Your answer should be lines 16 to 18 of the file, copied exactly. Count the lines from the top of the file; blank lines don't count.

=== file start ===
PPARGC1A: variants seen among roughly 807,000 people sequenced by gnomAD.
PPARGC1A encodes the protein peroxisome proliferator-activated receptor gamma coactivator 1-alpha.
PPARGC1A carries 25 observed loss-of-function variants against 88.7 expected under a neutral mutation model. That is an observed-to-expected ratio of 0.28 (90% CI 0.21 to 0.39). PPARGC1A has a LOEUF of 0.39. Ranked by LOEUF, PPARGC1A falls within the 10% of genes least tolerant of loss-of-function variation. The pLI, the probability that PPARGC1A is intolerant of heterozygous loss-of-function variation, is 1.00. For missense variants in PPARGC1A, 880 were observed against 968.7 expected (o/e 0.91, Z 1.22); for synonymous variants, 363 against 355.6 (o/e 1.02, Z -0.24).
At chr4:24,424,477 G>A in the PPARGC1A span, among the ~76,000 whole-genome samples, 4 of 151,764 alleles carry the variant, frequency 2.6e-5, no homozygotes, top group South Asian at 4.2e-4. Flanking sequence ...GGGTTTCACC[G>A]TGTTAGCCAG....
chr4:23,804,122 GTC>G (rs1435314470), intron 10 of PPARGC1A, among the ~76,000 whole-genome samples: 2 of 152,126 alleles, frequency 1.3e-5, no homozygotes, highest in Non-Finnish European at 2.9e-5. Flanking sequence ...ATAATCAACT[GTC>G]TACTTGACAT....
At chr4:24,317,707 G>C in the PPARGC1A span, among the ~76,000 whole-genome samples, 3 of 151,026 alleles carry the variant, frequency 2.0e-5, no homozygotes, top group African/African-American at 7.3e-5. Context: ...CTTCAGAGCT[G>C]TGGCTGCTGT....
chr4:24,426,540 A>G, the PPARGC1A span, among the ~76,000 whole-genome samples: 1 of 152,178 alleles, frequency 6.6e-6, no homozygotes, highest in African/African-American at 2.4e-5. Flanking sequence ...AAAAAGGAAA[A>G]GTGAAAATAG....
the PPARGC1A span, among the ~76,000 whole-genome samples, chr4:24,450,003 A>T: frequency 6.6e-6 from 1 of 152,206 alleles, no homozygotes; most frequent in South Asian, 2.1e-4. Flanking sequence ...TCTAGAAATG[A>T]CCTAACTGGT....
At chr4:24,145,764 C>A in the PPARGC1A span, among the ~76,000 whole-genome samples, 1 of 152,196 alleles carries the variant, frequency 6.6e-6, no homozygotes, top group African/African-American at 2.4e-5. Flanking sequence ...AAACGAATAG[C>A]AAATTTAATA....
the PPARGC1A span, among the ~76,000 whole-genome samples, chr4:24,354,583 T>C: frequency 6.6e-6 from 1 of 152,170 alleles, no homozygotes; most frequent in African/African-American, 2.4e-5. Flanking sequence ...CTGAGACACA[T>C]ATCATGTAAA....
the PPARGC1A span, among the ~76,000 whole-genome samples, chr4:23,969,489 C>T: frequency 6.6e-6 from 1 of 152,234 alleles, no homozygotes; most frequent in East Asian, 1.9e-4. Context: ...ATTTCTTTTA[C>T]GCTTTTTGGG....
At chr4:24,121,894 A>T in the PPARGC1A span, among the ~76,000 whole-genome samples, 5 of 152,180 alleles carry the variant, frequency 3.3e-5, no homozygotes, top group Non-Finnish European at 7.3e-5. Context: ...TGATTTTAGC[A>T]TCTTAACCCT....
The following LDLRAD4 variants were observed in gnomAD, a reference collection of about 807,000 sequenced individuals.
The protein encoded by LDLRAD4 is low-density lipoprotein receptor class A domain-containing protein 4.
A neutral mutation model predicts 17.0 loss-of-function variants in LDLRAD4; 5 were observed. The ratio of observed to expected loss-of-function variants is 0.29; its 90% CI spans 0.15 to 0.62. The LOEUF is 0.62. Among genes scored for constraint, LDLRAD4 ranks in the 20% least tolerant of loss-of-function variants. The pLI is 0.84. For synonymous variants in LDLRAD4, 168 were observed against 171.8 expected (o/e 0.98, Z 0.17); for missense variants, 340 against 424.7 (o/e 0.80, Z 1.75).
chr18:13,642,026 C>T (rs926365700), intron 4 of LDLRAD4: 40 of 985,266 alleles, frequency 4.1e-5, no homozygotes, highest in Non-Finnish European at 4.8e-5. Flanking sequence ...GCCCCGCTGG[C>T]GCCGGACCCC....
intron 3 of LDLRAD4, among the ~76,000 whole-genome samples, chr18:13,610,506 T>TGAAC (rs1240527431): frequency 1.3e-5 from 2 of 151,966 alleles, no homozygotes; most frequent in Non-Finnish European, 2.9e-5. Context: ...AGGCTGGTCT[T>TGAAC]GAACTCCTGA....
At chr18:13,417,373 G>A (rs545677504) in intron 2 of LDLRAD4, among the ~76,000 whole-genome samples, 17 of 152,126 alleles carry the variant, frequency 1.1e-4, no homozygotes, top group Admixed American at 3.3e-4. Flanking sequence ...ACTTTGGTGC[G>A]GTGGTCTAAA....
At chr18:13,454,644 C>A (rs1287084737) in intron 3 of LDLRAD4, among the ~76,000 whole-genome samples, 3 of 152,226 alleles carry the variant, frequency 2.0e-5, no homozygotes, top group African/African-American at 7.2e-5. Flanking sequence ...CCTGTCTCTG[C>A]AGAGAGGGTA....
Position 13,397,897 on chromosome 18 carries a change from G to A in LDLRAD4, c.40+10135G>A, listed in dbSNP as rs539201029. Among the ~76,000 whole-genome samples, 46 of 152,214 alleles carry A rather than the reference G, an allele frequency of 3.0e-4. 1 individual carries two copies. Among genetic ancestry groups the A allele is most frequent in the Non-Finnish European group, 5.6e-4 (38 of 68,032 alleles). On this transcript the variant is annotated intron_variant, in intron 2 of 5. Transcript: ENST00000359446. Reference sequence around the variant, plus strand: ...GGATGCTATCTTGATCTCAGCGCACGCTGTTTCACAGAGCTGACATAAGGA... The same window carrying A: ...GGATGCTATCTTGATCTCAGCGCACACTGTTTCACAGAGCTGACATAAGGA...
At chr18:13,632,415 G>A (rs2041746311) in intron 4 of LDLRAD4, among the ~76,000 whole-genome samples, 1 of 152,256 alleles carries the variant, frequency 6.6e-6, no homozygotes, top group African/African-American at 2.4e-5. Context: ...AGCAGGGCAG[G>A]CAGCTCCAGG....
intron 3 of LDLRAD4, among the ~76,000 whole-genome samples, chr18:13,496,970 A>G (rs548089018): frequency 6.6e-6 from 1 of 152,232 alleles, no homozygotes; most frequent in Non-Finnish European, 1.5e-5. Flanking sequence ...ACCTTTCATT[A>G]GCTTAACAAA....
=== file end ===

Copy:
chr18:13,642,026 C>T (rs926365700), intron 4 of LDLRAD4: 40 of 985,266 alleles, frequency 4.1e-5, no homozygotes, highest in Non-Finnish European at 4.8e-5. Flanking sequence ...GCCCCGCTGG[C>T]GCCGGACCCC....
intron 3 of LDLRAD4, among the ~76,000 whole-genome samples, chr18:13,610,506 T>TGAAC (rs1240527431): frequency 1.3e-5 from 2 of 151,966 alleles, no homozygotes; most frequent in Non-Finnish European, 2.9e-5. Context: ...AGGCTGGTCT[T>TGAAC]GAACTCCTGA....
At chr18:13,417,373 G>A (rs545677504) in intron 2 of LDLRAD4, among the ~76,000 whole-genome samples, 17 of 152,126 alleles carry the variant, frequency 1.1e-4, no homozygotes, top group Admixed American at 3.3e-4. Flanking sequence ...ACTTTGGTGC[G>A]GTGGTCTAAA....